Why I love female heroes and
why the world should too

I was disturbed by an article in the New York Times about how the coronavirus is exploding across the developing world and how ill equipped these regions are to fight it. In the Central African Republic, for example, there are only three ventilators for a population of five million. In some countries, there are none at all.

The real devastation is yet to come, in the form of economic disaster and its impact on nutrition, child mortality, vaccination and education. In many developing regions when economic challenges occur, girls and young women too often absorb the worst of it.

“We know that when families don’t have enough food, they sometimes feed their sons while starving their daughters, or they marry off their daughters as child brides,” said Nicholas Kristof from the Times. “So, we may see more girls go hungry, more girls pulled out of school permanently, and more girls married in their early teens.”

The potential fallout on our girls is so disturbing, it got me thinking just how important it is to change the narrative about girls in popular culture. Please, I’m not advocating this over putting food in hungry tummies and providing much needed medical care, what I am saying is it’s also important to change the narrative and thereby alter perceptions about our girls’ place in society.

Some of you may know, that my debut novel Found and Lost will be released soon. I’ve attempted to write this story (of a child that gets trapped in a cave with a monk and learns the mystical arts) several times. It was only when I changed the hero from a boy to a girl that the story took off, and left me hanging onto my keyboard trying to keep up.

As a storyteller, and mother of a strong daughter, I take responsibility to open readers’ eyes to the endless possibilities for girls everywhere, so they can see themselves reflected in more places than just the mirrors in their bathroom.

Found and Lost (book one of The Great Way series) is the story of Lucy Lewis, who after being rescued from the cave, goes on more than just the typical hero’s journey. It’s the story of a normal girl, who acquires mystical Siddhis (powers) and is tasked with easing the suffering of others. While Lucy is the epitome of wisdom and inner strength, she is also vulnerable and imperfect just like all of us.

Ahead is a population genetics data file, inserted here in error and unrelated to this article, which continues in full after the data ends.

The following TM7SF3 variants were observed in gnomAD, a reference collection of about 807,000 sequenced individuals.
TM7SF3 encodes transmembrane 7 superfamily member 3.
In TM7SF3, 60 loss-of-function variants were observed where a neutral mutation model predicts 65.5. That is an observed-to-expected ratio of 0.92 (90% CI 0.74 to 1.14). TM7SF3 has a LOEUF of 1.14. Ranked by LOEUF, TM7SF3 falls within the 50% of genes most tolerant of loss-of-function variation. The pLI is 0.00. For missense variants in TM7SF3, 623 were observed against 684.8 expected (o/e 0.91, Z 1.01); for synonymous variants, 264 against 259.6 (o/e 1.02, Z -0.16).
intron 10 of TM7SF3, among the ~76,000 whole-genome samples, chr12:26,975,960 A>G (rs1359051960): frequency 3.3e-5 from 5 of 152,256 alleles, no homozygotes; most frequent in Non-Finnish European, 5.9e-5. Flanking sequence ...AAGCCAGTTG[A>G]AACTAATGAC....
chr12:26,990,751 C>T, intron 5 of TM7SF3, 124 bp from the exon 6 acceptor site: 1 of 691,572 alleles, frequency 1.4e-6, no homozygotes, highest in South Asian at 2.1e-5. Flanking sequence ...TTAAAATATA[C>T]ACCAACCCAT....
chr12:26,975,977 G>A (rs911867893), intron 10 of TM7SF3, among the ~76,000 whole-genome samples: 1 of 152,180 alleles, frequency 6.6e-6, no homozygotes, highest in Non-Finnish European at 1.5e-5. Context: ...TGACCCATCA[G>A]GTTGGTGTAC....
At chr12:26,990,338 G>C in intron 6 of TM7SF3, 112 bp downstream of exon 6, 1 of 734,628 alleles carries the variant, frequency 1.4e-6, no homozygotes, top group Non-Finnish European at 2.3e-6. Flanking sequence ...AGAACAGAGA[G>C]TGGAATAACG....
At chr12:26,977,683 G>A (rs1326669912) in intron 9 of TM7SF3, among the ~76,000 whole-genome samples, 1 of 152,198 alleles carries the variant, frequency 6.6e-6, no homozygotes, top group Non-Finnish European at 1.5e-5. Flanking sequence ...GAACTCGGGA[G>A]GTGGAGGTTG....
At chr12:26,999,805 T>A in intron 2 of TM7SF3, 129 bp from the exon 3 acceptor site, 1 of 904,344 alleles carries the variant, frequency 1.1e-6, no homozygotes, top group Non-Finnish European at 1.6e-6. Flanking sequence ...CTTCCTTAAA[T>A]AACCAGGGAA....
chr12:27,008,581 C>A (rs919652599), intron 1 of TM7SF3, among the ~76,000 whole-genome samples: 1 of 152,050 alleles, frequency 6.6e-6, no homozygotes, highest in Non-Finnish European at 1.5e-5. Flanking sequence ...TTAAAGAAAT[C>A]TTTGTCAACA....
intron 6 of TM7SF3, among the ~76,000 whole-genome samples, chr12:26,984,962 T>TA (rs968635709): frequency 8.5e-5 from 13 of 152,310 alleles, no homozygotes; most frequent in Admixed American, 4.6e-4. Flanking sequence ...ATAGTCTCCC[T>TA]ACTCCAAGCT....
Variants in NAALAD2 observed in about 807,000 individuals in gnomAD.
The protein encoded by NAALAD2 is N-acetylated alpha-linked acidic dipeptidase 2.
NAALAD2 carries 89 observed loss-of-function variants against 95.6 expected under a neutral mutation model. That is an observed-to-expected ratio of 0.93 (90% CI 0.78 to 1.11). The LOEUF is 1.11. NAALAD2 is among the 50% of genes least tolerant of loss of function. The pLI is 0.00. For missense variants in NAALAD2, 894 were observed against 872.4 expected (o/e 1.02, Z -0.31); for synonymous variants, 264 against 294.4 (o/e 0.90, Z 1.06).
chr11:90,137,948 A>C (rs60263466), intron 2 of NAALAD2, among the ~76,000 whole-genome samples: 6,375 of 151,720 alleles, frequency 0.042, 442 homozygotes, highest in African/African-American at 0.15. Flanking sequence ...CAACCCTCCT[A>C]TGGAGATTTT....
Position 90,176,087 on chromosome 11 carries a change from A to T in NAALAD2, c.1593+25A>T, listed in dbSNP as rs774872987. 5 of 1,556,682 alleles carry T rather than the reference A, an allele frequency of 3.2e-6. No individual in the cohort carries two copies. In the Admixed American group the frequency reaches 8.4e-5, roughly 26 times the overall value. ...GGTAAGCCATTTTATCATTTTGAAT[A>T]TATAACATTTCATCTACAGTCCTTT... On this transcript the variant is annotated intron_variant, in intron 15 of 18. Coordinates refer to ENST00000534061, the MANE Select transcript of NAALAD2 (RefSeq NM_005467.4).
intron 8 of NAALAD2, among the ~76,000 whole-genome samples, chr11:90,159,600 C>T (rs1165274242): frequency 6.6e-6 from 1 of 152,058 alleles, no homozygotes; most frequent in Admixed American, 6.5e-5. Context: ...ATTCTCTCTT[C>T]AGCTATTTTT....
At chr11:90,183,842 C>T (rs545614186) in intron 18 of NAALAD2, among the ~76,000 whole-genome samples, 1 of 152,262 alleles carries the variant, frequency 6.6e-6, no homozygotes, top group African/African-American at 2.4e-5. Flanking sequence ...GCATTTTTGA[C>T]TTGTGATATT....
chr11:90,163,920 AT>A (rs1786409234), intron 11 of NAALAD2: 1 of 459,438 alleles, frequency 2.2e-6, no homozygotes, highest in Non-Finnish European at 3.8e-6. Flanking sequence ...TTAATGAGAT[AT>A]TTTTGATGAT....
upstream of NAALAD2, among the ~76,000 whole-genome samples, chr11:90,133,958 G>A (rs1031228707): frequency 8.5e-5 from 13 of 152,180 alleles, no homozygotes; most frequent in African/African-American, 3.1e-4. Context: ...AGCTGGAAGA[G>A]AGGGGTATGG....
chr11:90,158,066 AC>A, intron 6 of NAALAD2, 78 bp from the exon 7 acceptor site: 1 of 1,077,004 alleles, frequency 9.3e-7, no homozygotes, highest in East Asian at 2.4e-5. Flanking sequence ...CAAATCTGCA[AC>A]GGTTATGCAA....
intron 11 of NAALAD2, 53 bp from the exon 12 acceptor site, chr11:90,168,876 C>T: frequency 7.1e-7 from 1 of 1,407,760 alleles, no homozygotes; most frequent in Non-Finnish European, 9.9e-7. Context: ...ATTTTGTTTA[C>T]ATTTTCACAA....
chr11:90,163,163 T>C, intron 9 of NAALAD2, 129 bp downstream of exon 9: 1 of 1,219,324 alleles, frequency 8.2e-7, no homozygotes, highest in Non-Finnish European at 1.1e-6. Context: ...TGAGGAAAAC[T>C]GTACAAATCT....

Some of the things I learnt from Lucy’s character and about girls is,

  • Girls have to “kick down more doors” to get what they want.
  • Girls have a wellspring of strength and ability to kick those doors right off their hinges.
  • Girls have the ability to keep getting back up. They have true grit.
  • Lucy, like most girls, is strong, complex, and capable but also vulnerable, self-doubting and real.
  • Lucy can be a stepping-stone to a new generation of open-minded and equally empowered adults.

Studies have shown that media has a concrete impact on how we relate to people who are different to us. Women have spent their whole life being taught that men are the only heroes that will make everything alright. It’s time to realise that women are strong, smart and capable.

At this unprecedented time, let’s not put more obstacles in the way of our girls, but rather put them on an equal pedestal and let them show the world their true power.

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